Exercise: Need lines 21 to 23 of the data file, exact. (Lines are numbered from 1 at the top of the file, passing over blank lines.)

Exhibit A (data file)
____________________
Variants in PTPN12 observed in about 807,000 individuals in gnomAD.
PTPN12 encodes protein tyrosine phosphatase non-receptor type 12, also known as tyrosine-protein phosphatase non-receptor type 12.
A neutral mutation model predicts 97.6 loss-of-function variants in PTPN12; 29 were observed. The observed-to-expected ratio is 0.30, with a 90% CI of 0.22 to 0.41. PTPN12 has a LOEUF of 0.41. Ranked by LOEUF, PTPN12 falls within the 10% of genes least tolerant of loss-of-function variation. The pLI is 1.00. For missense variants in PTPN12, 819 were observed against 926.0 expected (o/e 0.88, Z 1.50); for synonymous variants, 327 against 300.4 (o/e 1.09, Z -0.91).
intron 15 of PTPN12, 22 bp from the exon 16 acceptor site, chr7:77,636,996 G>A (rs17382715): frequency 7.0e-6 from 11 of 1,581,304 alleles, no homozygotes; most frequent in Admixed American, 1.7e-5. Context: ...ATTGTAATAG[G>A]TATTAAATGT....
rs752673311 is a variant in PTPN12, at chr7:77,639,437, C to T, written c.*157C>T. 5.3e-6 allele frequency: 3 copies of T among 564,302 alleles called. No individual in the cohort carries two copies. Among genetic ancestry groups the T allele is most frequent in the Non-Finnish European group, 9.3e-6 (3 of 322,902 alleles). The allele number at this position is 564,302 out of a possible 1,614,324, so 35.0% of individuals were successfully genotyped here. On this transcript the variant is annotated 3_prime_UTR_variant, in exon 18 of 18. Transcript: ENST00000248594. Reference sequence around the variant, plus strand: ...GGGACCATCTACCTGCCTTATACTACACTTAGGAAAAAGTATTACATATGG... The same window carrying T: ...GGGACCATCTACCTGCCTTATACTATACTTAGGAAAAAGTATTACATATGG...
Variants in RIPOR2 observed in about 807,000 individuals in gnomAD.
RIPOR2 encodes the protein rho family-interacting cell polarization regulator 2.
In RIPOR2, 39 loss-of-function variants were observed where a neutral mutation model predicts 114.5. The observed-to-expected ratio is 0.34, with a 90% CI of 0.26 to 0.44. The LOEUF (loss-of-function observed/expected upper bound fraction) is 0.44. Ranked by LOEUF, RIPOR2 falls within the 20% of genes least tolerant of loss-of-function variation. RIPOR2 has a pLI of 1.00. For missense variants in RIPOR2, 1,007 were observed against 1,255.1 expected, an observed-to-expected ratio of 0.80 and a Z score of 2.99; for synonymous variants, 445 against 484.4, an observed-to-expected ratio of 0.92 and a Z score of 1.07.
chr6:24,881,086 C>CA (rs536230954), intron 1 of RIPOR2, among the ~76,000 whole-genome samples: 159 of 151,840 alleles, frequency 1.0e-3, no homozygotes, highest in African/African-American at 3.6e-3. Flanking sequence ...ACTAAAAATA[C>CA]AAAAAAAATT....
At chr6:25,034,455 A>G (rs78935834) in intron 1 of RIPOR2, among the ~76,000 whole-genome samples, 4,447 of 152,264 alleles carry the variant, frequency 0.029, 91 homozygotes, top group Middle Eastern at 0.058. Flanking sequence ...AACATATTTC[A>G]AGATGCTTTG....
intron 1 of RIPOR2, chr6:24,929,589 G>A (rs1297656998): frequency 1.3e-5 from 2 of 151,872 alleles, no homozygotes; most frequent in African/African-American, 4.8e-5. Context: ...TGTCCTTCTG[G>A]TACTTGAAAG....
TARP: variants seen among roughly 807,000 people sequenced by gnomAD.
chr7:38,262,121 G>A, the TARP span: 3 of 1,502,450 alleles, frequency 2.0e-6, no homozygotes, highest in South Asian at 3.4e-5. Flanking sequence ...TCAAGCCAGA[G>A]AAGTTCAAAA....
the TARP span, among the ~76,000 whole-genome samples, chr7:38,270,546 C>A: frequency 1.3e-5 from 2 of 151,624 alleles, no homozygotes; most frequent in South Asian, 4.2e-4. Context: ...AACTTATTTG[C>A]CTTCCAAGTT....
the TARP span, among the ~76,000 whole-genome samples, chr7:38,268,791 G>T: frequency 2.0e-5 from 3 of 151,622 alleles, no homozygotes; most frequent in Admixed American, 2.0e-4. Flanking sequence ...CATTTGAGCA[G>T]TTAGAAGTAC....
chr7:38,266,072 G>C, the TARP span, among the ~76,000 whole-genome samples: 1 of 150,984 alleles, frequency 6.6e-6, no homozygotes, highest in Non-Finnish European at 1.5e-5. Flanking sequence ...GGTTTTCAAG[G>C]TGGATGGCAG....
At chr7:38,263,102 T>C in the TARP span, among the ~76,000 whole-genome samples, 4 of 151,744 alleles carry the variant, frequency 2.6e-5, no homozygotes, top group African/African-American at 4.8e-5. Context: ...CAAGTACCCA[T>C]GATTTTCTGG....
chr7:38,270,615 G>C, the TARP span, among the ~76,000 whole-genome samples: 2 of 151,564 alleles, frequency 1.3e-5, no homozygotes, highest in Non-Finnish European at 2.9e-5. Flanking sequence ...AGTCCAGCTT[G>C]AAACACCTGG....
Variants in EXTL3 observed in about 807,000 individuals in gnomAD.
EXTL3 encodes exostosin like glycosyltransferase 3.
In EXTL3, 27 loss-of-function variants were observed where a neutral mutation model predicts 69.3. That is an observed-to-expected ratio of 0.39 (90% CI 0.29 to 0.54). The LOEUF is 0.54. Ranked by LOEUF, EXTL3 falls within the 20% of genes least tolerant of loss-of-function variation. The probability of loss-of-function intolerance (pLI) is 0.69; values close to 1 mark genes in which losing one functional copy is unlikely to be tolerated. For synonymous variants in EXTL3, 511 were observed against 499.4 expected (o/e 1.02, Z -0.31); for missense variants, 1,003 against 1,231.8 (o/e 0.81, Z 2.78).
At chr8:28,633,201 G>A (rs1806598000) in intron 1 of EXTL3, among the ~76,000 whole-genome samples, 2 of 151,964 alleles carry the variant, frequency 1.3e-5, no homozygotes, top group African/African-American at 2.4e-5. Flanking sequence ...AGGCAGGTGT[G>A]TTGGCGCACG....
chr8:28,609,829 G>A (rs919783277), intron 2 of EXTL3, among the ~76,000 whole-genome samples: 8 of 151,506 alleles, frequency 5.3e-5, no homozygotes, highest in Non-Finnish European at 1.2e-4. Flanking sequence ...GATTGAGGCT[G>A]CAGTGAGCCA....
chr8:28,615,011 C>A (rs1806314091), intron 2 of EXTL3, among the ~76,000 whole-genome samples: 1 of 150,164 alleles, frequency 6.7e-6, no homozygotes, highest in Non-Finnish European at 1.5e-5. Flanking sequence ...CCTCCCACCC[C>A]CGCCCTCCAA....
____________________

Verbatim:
In EXTL3, 27 loss-of-function variants were observed where a neutral mutation model predicts 69.3. That is an observed-to-expected ratio of 0.39 (90% CI 0.29 to 0.54). The LOEUF is 0.54. Ranked by LOEUF, EXTL3 falls within the 20% of genes least tolerant of loss-of-function variation. The probability of loss-of-function intolerance (pLI) is 0.69; values close to 1 mark genes in which losing one functional copy is unlikely to be tolerated. For synonymous variants in EXTL3, 511 were observed against 499.4 expected (o/e 1.02, Z -0.31); for missense variants, 1,003 against 1,231.8 (o/e 0.81, Z 2.78).
At chr8:28,633,201 G>A (rs1806598000) in intron 1 of EXTL3, among the ~76,000 whole-genome samples, 2 of 151,964 alleles carry the variant, frequency 1.3e-5, no homozygotes, top group African/African-American at 2.4e-5. Flanking sequence ...AGGCAGGTGT[G>A]TTGGCGCACG....
chr8:28,609,829 G>A (rs919783277), intron 2 of EXTL3, among the ~76,000 whole-genome samples: 8 of 151,506 alleles, frequency 5.3e-5, no homozygotes, highest in Non-Finnish European at 1.2e-4. Flanking sequence ...GATTGAGGCT[G>A]CAGTGAGCCA....